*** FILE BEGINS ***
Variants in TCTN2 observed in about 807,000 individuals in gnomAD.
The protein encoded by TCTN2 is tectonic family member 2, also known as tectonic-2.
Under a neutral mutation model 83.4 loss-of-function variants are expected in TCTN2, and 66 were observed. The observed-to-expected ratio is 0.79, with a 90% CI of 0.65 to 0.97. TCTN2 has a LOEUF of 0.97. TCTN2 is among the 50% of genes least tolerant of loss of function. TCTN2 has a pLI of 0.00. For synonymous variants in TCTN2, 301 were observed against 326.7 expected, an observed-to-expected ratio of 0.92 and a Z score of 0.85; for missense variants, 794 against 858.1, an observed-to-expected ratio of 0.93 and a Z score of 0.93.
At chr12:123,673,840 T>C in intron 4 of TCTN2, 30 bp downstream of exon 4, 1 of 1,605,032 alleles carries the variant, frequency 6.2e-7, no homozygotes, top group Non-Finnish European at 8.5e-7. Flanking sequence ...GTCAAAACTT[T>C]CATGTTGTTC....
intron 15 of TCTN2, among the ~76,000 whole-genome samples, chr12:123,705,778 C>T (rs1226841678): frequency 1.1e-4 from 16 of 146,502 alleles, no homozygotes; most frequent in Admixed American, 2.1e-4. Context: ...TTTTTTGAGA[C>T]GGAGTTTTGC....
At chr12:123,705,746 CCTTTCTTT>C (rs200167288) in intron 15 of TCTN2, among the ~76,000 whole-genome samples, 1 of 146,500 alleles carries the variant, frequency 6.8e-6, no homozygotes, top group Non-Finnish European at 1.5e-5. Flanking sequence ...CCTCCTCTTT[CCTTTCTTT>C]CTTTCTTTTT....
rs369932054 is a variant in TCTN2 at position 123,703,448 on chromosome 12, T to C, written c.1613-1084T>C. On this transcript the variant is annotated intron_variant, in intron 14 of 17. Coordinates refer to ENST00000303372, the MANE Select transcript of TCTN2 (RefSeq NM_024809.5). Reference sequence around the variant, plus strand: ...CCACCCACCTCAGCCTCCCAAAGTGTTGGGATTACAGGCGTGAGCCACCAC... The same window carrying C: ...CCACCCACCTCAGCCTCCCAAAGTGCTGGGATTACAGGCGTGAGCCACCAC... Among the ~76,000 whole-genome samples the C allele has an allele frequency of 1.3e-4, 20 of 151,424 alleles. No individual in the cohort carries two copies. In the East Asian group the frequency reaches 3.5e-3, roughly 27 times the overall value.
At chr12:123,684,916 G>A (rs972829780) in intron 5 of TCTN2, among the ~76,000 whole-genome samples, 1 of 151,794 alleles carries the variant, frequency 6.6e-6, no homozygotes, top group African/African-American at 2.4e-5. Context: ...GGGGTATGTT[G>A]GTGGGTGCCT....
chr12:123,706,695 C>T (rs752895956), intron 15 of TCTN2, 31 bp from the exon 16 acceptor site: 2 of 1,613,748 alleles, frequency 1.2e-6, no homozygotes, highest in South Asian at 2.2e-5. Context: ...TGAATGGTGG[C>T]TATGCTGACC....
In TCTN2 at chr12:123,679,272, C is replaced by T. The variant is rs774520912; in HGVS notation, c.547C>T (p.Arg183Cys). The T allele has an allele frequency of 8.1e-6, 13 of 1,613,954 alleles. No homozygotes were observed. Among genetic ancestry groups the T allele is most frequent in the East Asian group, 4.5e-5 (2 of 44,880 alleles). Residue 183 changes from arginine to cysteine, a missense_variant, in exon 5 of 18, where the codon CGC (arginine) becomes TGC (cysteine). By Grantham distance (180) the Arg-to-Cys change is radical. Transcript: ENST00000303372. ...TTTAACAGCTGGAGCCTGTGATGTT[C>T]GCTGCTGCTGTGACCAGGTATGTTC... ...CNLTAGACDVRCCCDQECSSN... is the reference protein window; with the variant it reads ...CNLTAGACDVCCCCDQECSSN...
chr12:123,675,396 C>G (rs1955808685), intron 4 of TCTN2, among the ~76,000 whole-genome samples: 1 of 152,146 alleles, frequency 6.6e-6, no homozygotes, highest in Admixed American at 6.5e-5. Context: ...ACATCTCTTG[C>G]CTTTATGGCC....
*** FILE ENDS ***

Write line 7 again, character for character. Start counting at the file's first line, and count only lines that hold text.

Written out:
rs369932054 is a variant in TCTN2 at position 123,703,448 on chromosome 12, T to C, written c.1613-1084T>C. On this transcript the variant is annotated intron_variant, in intron 14 of 17. Coordinates refer to ENST00000303372, the MANE Select transcript of TCTN2 (RefSeq NM_024809.5). Reference sequence around the variant, plus strand: ...CCACCCACCTCAGCCTCCCAAAGTGTTGGGATTACAGGCGTGAGCCACCAC... The same window carrying C: ...CCACCCACCTCAGCCTCCCAAAGTGCTGGGATTACAGGCGTGAGCCACCAC... Among the ~76,000 whole-genome samples the C allele has an allele frequency of 1.3e-4, 20 of 151,424 alleles. No individual in the cohort carries two copies. In the East Asian group the frequency reaches 3.5e-3, roughly 27 times the overall value.